Tarzan's Three Challenges

1963

Action / Adventure

41
IMDb Rating 5.9 10 357

Synopsis


Downloaded 13,837 times
March 31, 2019

Director

Cast

Jock Mahoney as Tarzan
Woody Strode as Walter Colby
720p.BLU 1080p.BLU
818.56 MB
1280*720
English
NR
23.976 fps
92 min
P/S N/A / N/A
1.57 GB
1920×1080
English
NR
23.976 fps
92 min
P/S N/A / N/A

Movie Reviews

Reviewed by bkoganbing 6 / 10 / 10

Wager Of Battle

Although this film was shot in Thailand, the small inaccessible kingdom where the action of the film takes place looks more like a Tibetian type culture. Jock Mahoney plays Tarzan for the second and last time in Tarzan's Three Challenges. And the title is a misnomer, the heir to the kingdom has three challenges, Tarzan is his champion in the fourth which is a kind of medieval wager of battle. Woody Strode is both the old and dying king and his younger ambitious brother. A young child played by Ricky Der is named the heir probably in a process similar to how the Dalai Lama is chosen. The brother who is a warrior and has trained his son to be the same thinks the time has come for a warrior to lead in this modern age and the hell with traditions of pacifism. Tarzan comes to this kingdom to aid young Master Der on his journey to claim his rights. And of course Strode the warrior tries to stop him as the king Strode dies. When Der completes his three challenges Strode does the wager of battle thing that involves barrels of hot oil. Quite a good challenge as Tarzan is the only guy around who would have chance against Strode. Actually Strode the warrior does make some rather valid points about moving into the 20th century. Even the Dalai Lama in exile has come to grips with modernity in some ways. Tarzan's Three Challenges holds up very well for today's audiences, these films shot on location are so much better than those shot on the back lot of RKO back in the day.

Reviewed by dinky-4 9 / 10 / 10

A change of scenery proves good for Tarzan

It's surprising so few people have commented on this movie since it enjoyed a degree of success upon its original release and still qualifies as one of the better Tarzans. The plot follows the traditional pattern of a guide/protector leading a party through dangerous territory toward a sought-after destination. The guide/protector in this case is Tarzan who's come from Africa to parachute into an Asian kingdom that looks a lot like Thailand. His job is to escort Kashi, a boy who's been chosen as the "Successor" to the kingdom'e dying leader. The leader's evil brother, however, seeks power for himself and is determined to keep Kashi from reaching the city where his ordination will occur. The middle part of the movie is thus filled with dangers and obstacles which Tarzan must face and overcome. Along the way, of course, are snippets of the usual wildlife footage plus an "adorable" baby elephant who here serves the same purpose Cheetah did back in Tarzan's African movies. Even better, though, are the scenes of exotic temples, statues, and ceremonies which have been well photographed in Metrocolor and widescreen. These scenes alone make a look at this movie worthwhile. The title refers to three challenges which Tarzan must pass before he is entrusted with the case of the Successor. The first is a test of skill involving archery and the third is a test of wisdom which requires Tarzan to answer a question. In between comes a test of strength which provided this movie with its most distinctive image. Tarzan stands between two tall posts. Ropes with attached handles have been looped over the tops of these poles. Tarzan takes hold of these handles and then is told: "You will be required to resist the pull of two buffalo for five strokes of the gong." The buffalo, tied to the other ends of the ropes, are then driven in opposite directions, causing Tarzan to be s-t-r-e-t-c-h-e-d like a wishbone after Thanksgiving dinner. This "stretching," similar to feats of strength in such "Hercules" movies as "Goliath and the Barbarians," gives Jock Mahoney a chance to show off his sweaty, muscular, and carefully-shaved physique in a "bondage" situation that's quite sensual. Alas, Mahoney's physique looks haggard in the movie's final reel in which he faces a fourth challenge -- a test of might which culminates in a sword fight vs. Woody Strode taking place over a netting stretched above cauldrons of bubbling liquid. (Why isn't the title, "Tarzan's Four Challenges?") Much has been made of the illness striking Mahoney during the filming which resulted in this haggard look, but the truth is Mahoney was about ten years too old for his part. Still, his age gives him a certain "gravitas" missing in most of the other Tarzans and he has no need for apologize for his performance which projects an image of quiet strength and mature judgment. Rocky Der is also commendably good as Kashi, managing to be appealing without resorting to "cuteness" and he has a great smile. One question: Tarzan's bids farewell to his new friends in the final scene and then runs off down a country road. Where is he going? Does he plan to run all the way back to Africa?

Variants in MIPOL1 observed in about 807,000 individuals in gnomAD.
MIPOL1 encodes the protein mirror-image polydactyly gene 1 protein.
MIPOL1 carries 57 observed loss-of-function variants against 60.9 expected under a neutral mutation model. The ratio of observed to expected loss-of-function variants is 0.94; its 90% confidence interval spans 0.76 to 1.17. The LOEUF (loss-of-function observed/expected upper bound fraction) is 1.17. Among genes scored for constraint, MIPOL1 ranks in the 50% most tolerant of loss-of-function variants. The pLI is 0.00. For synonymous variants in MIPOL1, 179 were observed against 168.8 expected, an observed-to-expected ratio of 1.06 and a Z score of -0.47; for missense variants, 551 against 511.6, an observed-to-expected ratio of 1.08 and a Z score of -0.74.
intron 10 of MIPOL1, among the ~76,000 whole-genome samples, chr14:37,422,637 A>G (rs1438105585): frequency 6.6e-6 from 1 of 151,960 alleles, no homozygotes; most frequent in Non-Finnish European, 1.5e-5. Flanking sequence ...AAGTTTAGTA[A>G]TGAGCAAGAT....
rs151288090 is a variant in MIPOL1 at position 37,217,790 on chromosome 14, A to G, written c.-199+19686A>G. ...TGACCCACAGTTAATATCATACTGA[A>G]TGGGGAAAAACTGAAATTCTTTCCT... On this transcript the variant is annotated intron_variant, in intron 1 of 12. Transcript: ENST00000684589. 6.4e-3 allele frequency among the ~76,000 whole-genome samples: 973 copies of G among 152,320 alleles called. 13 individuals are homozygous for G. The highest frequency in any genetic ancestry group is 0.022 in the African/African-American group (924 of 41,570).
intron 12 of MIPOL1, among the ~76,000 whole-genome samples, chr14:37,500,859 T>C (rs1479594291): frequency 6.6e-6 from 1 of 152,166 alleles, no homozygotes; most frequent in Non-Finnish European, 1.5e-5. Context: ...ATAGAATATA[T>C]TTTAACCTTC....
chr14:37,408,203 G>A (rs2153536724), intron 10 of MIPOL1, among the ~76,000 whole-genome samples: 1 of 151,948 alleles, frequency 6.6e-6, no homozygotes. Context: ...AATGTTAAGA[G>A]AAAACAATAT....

Reviewed by Shiloh-3 9 / 10 / 10

Excellent adventure film with great action and beautiful scenery

This is Tarzan at its best. A man of nature dealing with the nature of man. Defending the spiritual from the corporeal. Terrific allegory. Jock Mahoney, although a bit old at the time of this film, is a terrific Tarzan. My favorite.

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